Democrat L. Douglas Wilder was supposed to cream Republican Marshall Coleman in the 1989 race for the governor's mansion. He was up significantly in the polls before the election and exit polls indicated a 10 percent lead.
By the end of election night, though, his margin had evaporated to just 0.4 percent, or fewer than 7,000 votes.
The phenomenon — where voters are more supportive of African-American candidates in polls than in voting booths — has become known in political circles as the "Wilder effect." Whether Democratic Sen. Barack Obama becomes the first African-American president — bolstered by last week's upset win over Hillary Clinton in the Iowa caucuses — his time in the public spotlight has generated considerable polling data and discussion, bringing the Wilder effect back in vogue and prompting academics and political pundits to debate the strength of its hold.
In 1989, nobody saw it coming save Paul Goldman, Wilder's longtime political Svengali, and Wilder — now Richmond's mayor — himself. Thanks in part to advice from campaign pollster Michael Donilon, who went on to advise John Kerry's 2004 bid for the White House, Goldman assumed that anything short of a definitive commitment of support from a white poll respondent couldn't be trusted and weighted his poll's statistical model accordingly. His poll indicated a virtual tossup, putting Wilder's chances at 50-50.
Polls from The Washington Post had him leading by 11 percent; the Richmond Times-Dispatch guessed he would win by 9 percent. Most promising of all, exit polls taken as voters left the precincts indicated Wilder held a huge 10 percent lead.
"This was a historic campaign," Goldman says. "Everybody was talking about it — race, race, race — so you give whatever answer's the socially acceptable one."
Still, the gap between the early polls and Wilder's slim margin of victory surprised many, including Scott Keeter, who was running Virginia Commonwealth University's Commonwealth Poll in the late 1980s. His research bore similar results, showing Wilder in the lead outside the margin of error. Since then, Keeter's become the director of survey research for the Pew Research Center.
"It's something that all of us in the polling business have wondered about, if [the Wilder effect] was still around, but we haven't had to confront it since," Keeter says, because of a lack of high-profile African-American candidates running for statewide and, obviously, national office. There were plenty of black-versus-white matchups in 2006 in which the Wilder effect didn't appear to play a role, and then there was Obama's Iowa victory.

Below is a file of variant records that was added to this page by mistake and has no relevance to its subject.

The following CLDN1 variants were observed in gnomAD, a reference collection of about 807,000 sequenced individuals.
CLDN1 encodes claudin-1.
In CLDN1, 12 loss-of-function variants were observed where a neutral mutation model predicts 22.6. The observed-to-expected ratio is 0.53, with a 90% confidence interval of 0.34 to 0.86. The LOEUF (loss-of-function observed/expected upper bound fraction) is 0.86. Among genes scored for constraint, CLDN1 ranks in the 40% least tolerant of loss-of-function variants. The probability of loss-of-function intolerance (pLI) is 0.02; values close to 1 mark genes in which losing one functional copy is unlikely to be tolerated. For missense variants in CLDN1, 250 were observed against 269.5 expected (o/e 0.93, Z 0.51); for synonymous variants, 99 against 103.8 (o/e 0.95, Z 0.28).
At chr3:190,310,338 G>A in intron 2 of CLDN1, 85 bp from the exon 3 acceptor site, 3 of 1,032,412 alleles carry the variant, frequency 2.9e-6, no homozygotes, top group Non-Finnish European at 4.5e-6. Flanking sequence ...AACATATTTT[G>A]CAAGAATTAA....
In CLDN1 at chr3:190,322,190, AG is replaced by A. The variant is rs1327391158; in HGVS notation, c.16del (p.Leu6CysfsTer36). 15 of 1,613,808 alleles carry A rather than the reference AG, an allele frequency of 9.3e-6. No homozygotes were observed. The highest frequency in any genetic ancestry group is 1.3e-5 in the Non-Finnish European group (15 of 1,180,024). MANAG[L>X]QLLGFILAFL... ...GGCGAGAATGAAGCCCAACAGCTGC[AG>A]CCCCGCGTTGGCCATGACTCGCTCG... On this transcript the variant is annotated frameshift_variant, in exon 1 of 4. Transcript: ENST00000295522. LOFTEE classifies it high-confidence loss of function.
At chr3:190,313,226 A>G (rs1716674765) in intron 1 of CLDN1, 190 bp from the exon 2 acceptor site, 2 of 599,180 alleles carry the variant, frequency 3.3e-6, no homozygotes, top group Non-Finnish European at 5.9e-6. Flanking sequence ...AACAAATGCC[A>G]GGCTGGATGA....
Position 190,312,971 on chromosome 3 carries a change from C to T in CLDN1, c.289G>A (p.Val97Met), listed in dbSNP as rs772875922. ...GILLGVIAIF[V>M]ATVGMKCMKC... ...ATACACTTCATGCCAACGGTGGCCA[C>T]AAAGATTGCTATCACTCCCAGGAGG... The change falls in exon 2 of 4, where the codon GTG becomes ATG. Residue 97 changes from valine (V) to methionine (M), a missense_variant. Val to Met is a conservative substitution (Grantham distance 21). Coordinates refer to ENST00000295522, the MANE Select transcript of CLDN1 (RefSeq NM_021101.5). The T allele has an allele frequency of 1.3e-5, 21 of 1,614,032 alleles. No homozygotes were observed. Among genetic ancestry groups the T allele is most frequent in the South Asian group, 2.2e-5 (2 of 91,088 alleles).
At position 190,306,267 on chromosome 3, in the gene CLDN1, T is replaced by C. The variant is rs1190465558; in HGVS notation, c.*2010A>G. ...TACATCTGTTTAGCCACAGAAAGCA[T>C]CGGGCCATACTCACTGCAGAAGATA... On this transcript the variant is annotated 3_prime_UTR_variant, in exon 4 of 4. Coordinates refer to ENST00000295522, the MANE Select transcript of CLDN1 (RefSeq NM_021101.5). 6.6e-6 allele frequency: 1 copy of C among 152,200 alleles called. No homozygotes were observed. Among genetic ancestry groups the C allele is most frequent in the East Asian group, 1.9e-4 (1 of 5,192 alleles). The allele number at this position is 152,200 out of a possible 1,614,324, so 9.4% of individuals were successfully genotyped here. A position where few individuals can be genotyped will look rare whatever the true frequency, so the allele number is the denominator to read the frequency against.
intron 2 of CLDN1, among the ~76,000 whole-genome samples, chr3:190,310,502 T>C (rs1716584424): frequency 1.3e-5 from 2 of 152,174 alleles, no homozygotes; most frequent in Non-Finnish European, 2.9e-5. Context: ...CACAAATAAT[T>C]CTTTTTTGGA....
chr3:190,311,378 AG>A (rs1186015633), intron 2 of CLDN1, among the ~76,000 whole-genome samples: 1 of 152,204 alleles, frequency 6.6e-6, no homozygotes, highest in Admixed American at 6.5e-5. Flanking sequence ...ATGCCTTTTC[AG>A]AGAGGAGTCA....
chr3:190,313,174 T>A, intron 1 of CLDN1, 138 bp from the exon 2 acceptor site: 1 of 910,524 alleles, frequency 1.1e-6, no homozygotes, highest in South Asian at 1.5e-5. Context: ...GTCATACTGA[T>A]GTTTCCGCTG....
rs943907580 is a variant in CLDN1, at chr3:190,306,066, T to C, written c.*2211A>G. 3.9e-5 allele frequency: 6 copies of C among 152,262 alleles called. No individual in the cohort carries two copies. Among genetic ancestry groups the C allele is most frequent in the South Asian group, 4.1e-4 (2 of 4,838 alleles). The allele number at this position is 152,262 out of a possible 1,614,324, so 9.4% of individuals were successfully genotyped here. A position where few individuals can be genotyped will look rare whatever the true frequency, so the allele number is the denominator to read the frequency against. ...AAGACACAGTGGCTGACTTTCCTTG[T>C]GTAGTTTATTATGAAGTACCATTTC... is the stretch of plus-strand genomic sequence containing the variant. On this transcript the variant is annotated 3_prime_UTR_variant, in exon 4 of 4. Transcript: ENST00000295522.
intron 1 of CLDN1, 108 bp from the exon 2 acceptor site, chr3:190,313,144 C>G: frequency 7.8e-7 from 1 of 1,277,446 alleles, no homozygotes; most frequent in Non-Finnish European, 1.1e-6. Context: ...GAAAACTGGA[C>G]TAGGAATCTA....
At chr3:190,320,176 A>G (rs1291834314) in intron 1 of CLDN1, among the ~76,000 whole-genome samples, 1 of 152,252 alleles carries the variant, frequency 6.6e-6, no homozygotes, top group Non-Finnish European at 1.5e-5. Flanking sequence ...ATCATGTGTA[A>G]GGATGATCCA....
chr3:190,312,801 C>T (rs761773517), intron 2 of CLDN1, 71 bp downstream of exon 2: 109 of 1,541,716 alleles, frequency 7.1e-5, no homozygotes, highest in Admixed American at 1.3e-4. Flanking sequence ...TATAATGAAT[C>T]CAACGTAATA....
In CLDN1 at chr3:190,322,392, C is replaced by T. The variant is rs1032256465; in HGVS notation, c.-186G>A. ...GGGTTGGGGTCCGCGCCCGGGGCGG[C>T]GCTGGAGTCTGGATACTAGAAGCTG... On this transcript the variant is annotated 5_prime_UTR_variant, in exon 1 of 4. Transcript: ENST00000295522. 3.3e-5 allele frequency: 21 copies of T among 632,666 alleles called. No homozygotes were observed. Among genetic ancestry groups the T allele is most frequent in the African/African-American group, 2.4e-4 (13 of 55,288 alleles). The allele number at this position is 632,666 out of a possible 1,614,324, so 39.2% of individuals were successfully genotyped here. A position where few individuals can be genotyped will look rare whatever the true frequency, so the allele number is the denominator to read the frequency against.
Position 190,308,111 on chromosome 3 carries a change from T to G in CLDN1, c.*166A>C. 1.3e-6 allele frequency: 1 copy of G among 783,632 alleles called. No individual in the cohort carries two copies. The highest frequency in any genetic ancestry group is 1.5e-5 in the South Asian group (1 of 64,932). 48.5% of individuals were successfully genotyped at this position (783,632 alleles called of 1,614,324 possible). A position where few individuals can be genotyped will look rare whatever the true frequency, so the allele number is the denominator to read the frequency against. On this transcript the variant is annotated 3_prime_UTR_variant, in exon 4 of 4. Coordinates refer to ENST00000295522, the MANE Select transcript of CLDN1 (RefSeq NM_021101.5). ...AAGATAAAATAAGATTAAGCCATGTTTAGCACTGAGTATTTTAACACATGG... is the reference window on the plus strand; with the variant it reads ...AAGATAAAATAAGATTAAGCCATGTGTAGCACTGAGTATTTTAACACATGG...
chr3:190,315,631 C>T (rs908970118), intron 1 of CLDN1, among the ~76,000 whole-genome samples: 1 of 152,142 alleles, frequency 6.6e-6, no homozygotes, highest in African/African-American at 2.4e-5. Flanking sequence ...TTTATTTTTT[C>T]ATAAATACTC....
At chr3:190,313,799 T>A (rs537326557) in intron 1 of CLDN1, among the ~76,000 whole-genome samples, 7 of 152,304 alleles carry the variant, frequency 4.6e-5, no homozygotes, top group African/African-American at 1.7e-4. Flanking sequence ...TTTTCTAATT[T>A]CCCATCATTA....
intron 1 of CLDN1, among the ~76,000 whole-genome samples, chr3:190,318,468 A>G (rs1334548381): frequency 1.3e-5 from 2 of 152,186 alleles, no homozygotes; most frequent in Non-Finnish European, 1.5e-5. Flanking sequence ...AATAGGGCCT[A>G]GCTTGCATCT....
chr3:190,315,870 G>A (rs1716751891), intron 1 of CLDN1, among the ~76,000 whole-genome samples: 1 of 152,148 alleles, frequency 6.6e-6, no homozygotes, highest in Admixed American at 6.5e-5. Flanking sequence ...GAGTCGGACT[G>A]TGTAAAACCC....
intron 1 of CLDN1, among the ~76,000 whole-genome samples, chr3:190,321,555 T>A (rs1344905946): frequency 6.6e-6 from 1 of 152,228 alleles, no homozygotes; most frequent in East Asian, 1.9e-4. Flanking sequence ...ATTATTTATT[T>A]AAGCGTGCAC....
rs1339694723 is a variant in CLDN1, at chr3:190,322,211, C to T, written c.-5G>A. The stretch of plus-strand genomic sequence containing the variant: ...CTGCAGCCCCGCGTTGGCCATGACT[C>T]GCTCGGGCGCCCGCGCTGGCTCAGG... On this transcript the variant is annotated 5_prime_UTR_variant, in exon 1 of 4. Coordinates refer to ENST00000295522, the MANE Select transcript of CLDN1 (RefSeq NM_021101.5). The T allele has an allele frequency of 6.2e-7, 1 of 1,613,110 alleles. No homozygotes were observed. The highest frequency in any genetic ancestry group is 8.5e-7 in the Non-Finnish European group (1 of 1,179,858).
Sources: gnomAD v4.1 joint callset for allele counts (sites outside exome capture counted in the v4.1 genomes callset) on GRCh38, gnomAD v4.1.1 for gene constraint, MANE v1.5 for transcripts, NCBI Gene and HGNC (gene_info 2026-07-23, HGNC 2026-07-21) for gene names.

"The pattern was that we didn't see the overstatement of the support for the black candidate," Keeter says.
In a Pew study released last year, Keeter notes that in the late 1980s and early 1990s, Wilder wasn't the only one who polled significantly higher than his final draw.
The same year Wilder squeaked by Coleman, David Dinkins was running for mayor of New York City against Rudy Giuliani. One New York City poll gave him an 18 percent lead; another, 14 percent, but he won by only 2 percentage points. Similar patterns emerged in the mayoral races in Los Angeles and Chicago in 1982 and 1983.
In 2006, Ohio, Pennsylvania and Massachusetts all had lopsided governor's races with African-American candidates. Those races had clear favorites, and the polls in the run-up to those elections were pretty much on target. The close race was in Tennessee for U.S. Senate.
"The Tennessee race was very interesting," Keeter says, where black Democrat Harold Ford Jr. lost to white Republican Bob Corker. "You had a moderate-conservative Democrat running against a Republican who was within the mainstream of the Tennessee Republican Party, and a lot of people thought it was a place where we'd maybe see the Wilder effect again."
It's not that race didn't play into the campaign. It did. Corker ran an attack ad against Ford with a ditzy blonde telling the camera, "I met Harold at the Playboy party," then inviting the candidate to call her. The ad was widely viewed as unfairly playing on old stereotypes of a black man unable to resist the temptations of white women. But in this case, the polls didn't appear to be tainted by the Wilder effect, because, well, Corker was predicted to win the election by a slim margin — 2 percentage points — and did.
"I just think that Americans are more comfortable with the idea of black elected officials," Keeter says. Or, in Ford's case, feeling unencumbered enough to admit they weren't voting for a candidate just because he or she was black.
Keeter says public attitudes about race have changed more than the polling techniques, wherein statistical modeling has remained largely the same.
"There's greater acceptance of racial diversity," he says. "We've been asking over the years if Americans believe in blacks and whites dating, and we've seen increasing approval among blacks and whites over time." Keeter says there's also a generational component, with younger people indicating they're more comfortable with racial diversity than their parents were.
So does that mean Obama is in the clear?
Polling is a notoriously slippery business, says Daniel J. Palazzolo, associate professor of political science at the University of Richmond. "We don't want to attribute too much of a historical change," he says. "Just because we didn't see too much of a Wilder effect in Tennessee, we still don't know. It depends on the size of the electorate, how race has been used as an issue in the campaign, how a candidate responds to it. [If] Obama holds out for that effect, the potential is there. We don't really know."
If there is historical change, he says, it could be among African-American respondents, too. "To what extent is it going to happen in reverse, with African-American voters saying they will [vote for a black candidate] and then not? I don't know," he says. "I wouldn't put it to bed." S